Political Power and the Development of UK Domestic Heat Policy

Mr Richard  Lowes, University of Exeter Energy Policy Group, United Kingdom

Heat is around half of the UK’s total energy demand and its generation is responsible for a third of the UK’s greenhouse gas emissions. Despite the scale and importance of UK heat, it has received limited attention from researchers and policy makers and the growth in sustainable heating has been limited compared to the growth of sustainable electricity (Connor et al., 2015). This needs to change as most energy system models show that non-industrial heating will need to be almost completely decarbonised if the UK’s 2050 climate goal is to be met. This implies a complete transformation away from fossil fuels for heat with major disruption of the existing heating regime required and innovation in low-carbon forms of heat.

The social and technological aspects of the UK heat regime are complex and interconnected and include culture, practices, institutions, physical infrastructure and industry. This system therefore has its own inertia and interests which means that disruption and innovation will be challenged and contested (Stirling, 2014). The existing heat regime actors, primarily companies but also associated organisations may have the political and social power to affect the policy, regulation and therefore the development of sustainable heating. At the same time, new players in the sustainable heating market may be using their own political and social power to influence and affect policy in a way that supports the growth of sustainable heat.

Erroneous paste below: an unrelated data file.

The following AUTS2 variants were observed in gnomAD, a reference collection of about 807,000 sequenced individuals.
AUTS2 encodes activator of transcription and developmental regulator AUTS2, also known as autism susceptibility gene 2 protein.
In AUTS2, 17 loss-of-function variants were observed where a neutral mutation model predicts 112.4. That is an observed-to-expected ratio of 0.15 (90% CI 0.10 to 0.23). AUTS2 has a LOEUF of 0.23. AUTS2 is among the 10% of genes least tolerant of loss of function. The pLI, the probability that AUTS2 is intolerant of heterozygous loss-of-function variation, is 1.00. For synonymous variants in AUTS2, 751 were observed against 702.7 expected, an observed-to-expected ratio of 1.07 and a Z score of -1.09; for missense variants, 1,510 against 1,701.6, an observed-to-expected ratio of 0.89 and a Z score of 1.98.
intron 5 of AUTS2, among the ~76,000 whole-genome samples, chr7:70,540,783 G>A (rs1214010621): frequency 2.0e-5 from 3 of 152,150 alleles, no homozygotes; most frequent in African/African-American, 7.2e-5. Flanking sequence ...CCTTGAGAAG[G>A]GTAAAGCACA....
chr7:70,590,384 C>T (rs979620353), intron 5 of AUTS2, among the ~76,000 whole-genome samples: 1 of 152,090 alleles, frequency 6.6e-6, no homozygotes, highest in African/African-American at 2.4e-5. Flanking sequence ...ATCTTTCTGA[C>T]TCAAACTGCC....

Focussing on the development of sustainable heat generation policy in the UK and by using the Netherlands as a comparator case study, this research has investigated the impact of domestic (in the home) heating regime actors on UK heat policy. Data from over 50 in depth interviews with actors from across the heat policy network has been collected and analysed in order to build a picture of the relative social and political power of particular organisations and sectors and to investigate real policy impacts.

The results suggest that individuals and organisations have successfully influenced various aspects of the UK’s heating policy as it has developed. However, the success of different actors has varied significantly and actors have in some cases also failed to affect policy. Three major themes have emerged from the research around lobbying and influence, 1) the role and use of evidence and regulatory capture, 2) the use of ideas and the framing of messaging, 3) perceptions of the organisation attempting to influence based on its scale and style.

This research has major relevance for those involved in sustainable heat particularly from a policy and regulatory perspective as it shows how and where actors have been able to influence policy and can inform policymakers how to be aware of the (both negative and positive) power of heat market players.

This research is also of relevance to those interested in the academic field of sustainability transitions as this is a field in which it is often recognised that a lack of understanding of social and political power has limited the applicability of transitions theory (e.g. (Smith et al., 2005, Shove and Walker, 2010).

This research will be built upon, extending it beyond domestic heat to industrial heat and in particular increasing our focus on the role of incumbent actors and their impact and interest in UK heat policy and regulation.

Heat, power, transformation, lobbying, influence, framing

Connor, al (2015) The development of renewable heating policy in the United Kingdom.Renewable Energy

Shove, E., Walker, G.(2010)Governing transitions in the sustainability of everyday life.Research Policy.

Smith, A. et al.(2005)The governance of sustainable socio-technical transitions.Research Policy.

Stirling, A.(2014)Transforming power: Social science and the politics of energy choices. Energy Research and Social Science.


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